Georgia 1 Switzerland 4
It’s not every day you get to taste Georgian and Swiss wines on the night that Thierry Henry single-handedly denied Ireland a place in the 2010 World Cup finals.
But then, over the years we’ve learned to roll with things, so we took it all in our stride.
There wasn’t any particular design behind it (the tasting, that is) – just that we had been kindly sent some samples and were keen to try them. So we did it together. For a bit of fun.
(We don’t get out much.)
The upshot was that, sadly, the Georgians were not on top form. (Two bombed out due to being out of condition, which left two. The medium sweet red from Marani I struggled with but Susie was more generous, deeming it “fun” and imagining it with her classic match of fruit cake and Wensleydale. Which left one red – more of which anon.)
But at least we got to brush up on our Cyrillic script. And we learnt that there is a grape variety in this world called Aleksandrouli. Which, when you say it quick enough, sounds quite funny.
By contrast, the Swiss wines were thoroughly intriguing. Weinbau Cicero Mattmann is now firmly on our vinous map, with some decent Chardonnay and even better Pinot Noirs. The only real disappointment from this stable was the Pinot Rhein 2007, which seemed somewhat homogenised and lacking the grip and thrill of the other Pinots. “A bit safe” was how Susie put it.
We might not get out as much as we should, but we darn-well don’t do “safe” in this household when it comes to wine.
Mattmann, Churer Rheintal AOC, Chardonnay 2008, Cicero Weinbau AG, 13.5% – buttery, upfront oaky nose. Almost New World in its lactic sweetness. Pleasant viscosity. Creamy leesy flavours. OK balancing acid – correct, not vibrant. Aggressively buttery and leesy. Lacks that elusive savoury edge such heavily oaked Chardonnay needs. A good, impressive wine, but ultimately lacks charm. Susie says it’s an Old World/New World cross, ambitious and stylish but a bit “made”. Quite. 6.5/10
Der Mattmann Churer Rheintal Pinot Noir 2004, 14% – Elegant sappy creamy red fruit nose. Quite Burgundian and leafy. But with hints of riper, darker fruit a la Oregon or Otago. Palate is smooth, sappy, vivid and liquid. Crisp red fruit, elegant sappy wood smoke depth. Crisp acidity. Lovely red fruit core. Finish is warming but balanced. Lovely stuff! Beautifully bittersweet. Fine tannin. Touch of feral meatiness on the finish. Just lacks the depth and layers of the best Pinot. But it’s impressive. A Burgundian nose with an Otago palate. And it went on to win best on show with my sausages and baked potato. For Susie, there’s slightly too much oak and extraction, but it’s another intriguing OW/NW blend. 7-7.5/10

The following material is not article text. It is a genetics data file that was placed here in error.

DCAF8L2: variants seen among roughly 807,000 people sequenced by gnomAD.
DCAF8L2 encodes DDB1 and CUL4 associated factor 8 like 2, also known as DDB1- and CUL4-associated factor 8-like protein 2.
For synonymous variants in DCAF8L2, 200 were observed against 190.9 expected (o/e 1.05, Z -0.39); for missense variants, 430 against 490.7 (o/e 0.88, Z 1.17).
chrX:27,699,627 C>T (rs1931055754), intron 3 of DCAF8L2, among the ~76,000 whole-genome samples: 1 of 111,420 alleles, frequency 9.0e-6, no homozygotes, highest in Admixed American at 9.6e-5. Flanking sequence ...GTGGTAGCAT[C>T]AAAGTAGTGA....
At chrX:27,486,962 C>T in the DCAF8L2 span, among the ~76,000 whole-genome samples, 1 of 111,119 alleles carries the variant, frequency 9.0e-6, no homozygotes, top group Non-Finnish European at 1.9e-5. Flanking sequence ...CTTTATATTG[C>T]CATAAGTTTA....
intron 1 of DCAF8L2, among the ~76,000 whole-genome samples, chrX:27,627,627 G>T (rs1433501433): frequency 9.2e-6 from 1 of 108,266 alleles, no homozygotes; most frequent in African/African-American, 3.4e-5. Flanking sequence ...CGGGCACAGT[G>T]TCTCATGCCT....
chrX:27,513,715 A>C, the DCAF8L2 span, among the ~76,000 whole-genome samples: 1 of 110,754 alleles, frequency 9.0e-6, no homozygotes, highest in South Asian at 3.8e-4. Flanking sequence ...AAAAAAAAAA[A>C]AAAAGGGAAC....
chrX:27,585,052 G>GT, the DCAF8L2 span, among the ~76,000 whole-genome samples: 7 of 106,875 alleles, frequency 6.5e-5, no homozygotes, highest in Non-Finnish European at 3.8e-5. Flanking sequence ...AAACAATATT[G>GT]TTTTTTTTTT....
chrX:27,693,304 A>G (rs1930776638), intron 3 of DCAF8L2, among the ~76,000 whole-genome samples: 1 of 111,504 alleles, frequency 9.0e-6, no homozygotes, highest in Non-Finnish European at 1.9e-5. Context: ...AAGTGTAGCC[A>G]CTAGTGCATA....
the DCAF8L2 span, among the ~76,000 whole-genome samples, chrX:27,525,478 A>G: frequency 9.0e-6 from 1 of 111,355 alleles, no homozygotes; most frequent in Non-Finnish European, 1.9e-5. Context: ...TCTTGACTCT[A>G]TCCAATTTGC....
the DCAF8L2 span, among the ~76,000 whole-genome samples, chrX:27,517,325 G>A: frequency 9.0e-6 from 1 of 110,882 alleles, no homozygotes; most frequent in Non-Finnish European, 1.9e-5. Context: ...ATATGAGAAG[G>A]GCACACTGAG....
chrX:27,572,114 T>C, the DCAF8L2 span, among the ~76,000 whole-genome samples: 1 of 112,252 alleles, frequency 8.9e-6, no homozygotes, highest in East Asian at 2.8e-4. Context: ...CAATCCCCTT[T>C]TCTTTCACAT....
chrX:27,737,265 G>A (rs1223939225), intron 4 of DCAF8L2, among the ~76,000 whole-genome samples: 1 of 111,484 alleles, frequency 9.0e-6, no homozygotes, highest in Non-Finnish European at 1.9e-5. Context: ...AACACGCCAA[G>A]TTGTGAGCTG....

Mattmann Churer Rheintal Pinot Noir 2007, 13.5% – very pale ruby. Toasty sappy leafy red fruit. Young. Quite inviting, classic. Hint of earth and meat. Palate is zippy red fresh fruit. Juicy. Balanced, quite light but rounded and persistent. Lighter style, and it works. More classic Burgundian mould: Hautes Cotes style. Very good. 6.5/10
Der Mattmann Churer Rheintal Pinot Noir 2007, 13.5% – very pale ruby. Nose is minty and slightly resinous, which I find off-putting. Seems lean and oily. But the palate is more dense than the previous 07: good brambly bittersweet fruit, with spice and roundness. Savoury. Needs time to open up – give it one or two years yet. But bodes well. Good balance and density. 7/10
Orovela Saperavi 2004, 12.5% – the Georgian wine that I’ve most commonly come across, from the country’s foremost red variety. Coffee and leafy red and black fruit nose, a bit like a cross between Cabernet Sauvignon and Pinot Noir. Oaky. Soy hints. Dried fruit. Palate is dry, firm and round, with grainy tannin and a certain austerity. Finish is drying but relatively well judged. Needs food. But the tannin, while there’s lots of it, is at least fine. Sound. Stolid wine. Bit woody. And it probably won’t soften much further. Clever winemaking, but ultimately a bit of an odd combo of big body and lots of tannin but light in alcohol (not that I’m complaining about that last part). Susie doesn’t like it. “Interesting but not pleasant” is how she sums it up. And she certainly didn’t agree with my score, which is: 5.5/10